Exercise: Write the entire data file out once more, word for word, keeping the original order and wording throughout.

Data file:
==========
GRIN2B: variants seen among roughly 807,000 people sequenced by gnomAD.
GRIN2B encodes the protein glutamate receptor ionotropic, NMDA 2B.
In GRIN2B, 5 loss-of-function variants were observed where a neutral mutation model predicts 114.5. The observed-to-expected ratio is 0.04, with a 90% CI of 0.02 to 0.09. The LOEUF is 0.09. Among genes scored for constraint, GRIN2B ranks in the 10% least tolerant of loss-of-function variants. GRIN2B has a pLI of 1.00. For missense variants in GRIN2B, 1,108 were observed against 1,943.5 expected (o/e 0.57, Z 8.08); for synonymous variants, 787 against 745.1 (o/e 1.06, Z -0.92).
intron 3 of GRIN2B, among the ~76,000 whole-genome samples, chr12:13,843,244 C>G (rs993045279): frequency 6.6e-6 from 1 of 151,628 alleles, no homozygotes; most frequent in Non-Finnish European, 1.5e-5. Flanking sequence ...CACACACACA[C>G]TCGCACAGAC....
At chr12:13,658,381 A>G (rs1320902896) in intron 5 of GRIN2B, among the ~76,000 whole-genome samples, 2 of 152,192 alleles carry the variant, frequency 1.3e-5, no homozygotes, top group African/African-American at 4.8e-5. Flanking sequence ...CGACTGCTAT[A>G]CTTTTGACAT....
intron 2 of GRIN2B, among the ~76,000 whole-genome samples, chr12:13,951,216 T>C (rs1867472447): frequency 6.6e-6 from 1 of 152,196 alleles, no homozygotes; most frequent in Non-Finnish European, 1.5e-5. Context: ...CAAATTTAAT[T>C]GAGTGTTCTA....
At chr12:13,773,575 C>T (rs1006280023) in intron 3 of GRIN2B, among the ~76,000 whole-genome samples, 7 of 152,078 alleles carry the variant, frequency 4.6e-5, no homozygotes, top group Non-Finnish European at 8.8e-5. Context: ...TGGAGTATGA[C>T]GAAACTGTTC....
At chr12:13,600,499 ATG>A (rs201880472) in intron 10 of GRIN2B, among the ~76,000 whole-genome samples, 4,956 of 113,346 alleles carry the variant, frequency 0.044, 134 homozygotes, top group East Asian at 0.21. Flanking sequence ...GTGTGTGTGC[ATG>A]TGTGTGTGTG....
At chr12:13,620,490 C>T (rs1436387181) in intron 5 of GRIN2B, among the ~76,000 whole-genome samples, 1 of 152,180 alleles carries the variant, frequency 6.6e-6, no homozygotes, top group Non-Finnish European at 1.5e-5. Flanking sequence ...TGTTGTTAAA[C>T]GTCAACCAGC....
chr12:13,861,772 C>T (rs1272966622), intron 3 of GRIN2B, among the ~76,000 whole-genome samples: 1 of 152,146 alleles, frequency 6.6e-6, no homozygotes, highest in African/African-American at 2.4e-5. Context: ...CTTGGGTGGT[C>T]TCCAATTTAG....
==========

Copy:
GRIN2B: variants seen among roughly 807,000 people sequenced by gnomAD.
GRIN2B encodes the protein glutamate receptor ionotropic, NMDA 2B.
In GRIN2B, 5 loss-of-function variants were observed where a neutral mutation model predicts 114.5. The observed-to-expected ratio is 0.04, with a 90% CI of 0.02 to 0.09. The LOEUF is 0.09. Among genes scored for constraint, GRIN2B ranks in the 10% least tolerant of loss-of-function variants. GRIN2B has a pLI of 1.00. For missense variants in GRIN2B, 1,108 were observed against 1,943.5 expected (o/e 0.57, Z 8.08); for synonymous variants, 787 against 745.1 (o/e 1.06, Z -0.92).
intron 3 of GRIN2B, among the ~76,000 whole-genome samples, chr12:13,843,244 C>G (rs993045279): frequency 6.6e-6 from 1 of 151,628 alleles, no homozygotes; most frequent in Non-Finnish European, 1.5e-5. Flanking sequence ...CACACACACA[C>G]TCGCACAGAC....
At chr12:13,658,381 A>G (rs1320902896) in intron 5 of GRIN2B, among the ~76,000 whole-genome samples, 2 of 152,192 alleles carry the variant, frequency 1.3e-5, no homozygotes, top group African/African-American at 4.8e-5. Flanking sequence ...CGACTGCTAT[A>G]CTTTTGACAT....
intron 2 of GRIN2B, among the ~76,000 whole-genome samples, chr12:13,951,216 T>C (rs1867472447): frequency 6.6e-6 from 1 of 152,196 alleles, no homozygotes; most frequent in Non-Finnish European, 1.5e-5. Context: ...CAAATTTAAT[T>C]GAGTGTTCTA....
At chr12:13,773,575 C>T (rs1006280023) in intron 3 of GRIN2B, among the ~76,000 whole-genome samples, 7 of 152,078 alleles carry the variant, frequency 4.6e-5, no homozygotes, top group Non-Finnish European at 8.8e-5. Context: ...TGGAGTATGA[C>T]GAAACTGTTC....
At chr12:13,600,499 ATG>A (rs201880472) in intron 10 of GRIN2B, among the ~76,000 whole-genome samples, 4,956 of 113,346 alleles carry the variant, frequency 0.044, 134 homozygotes, top group East Asian at 0.21. Flanking sequence ...GTGTGTGTGC[ATG>A]TGTGTGTGTG....
At chr12:13,620,490 C>T (rs1436387181) in intron 5 of GRIN2B, among the ~76,000 whole-genome samples, 1 of 152,180 alleles carries the variant, frequency 6.6e-6, no homozygotes, top group Non-Finnish European at 1.5e-5. Flanking sequence ...TGTTGTTAAA[C>T]GTCAACCAGC....
chr12:13,861,772 C>T (rs1272966622), intron 3 of GRIN2B, among the ~76,000 whole-genome samples: 1 of 152,146 alleles, frequency 6.6e-6, no homozygotes, highest in African/African-American at 2.4e-5. Context: ...CTTGGGTGGT[C>T]TCCAATTTAG....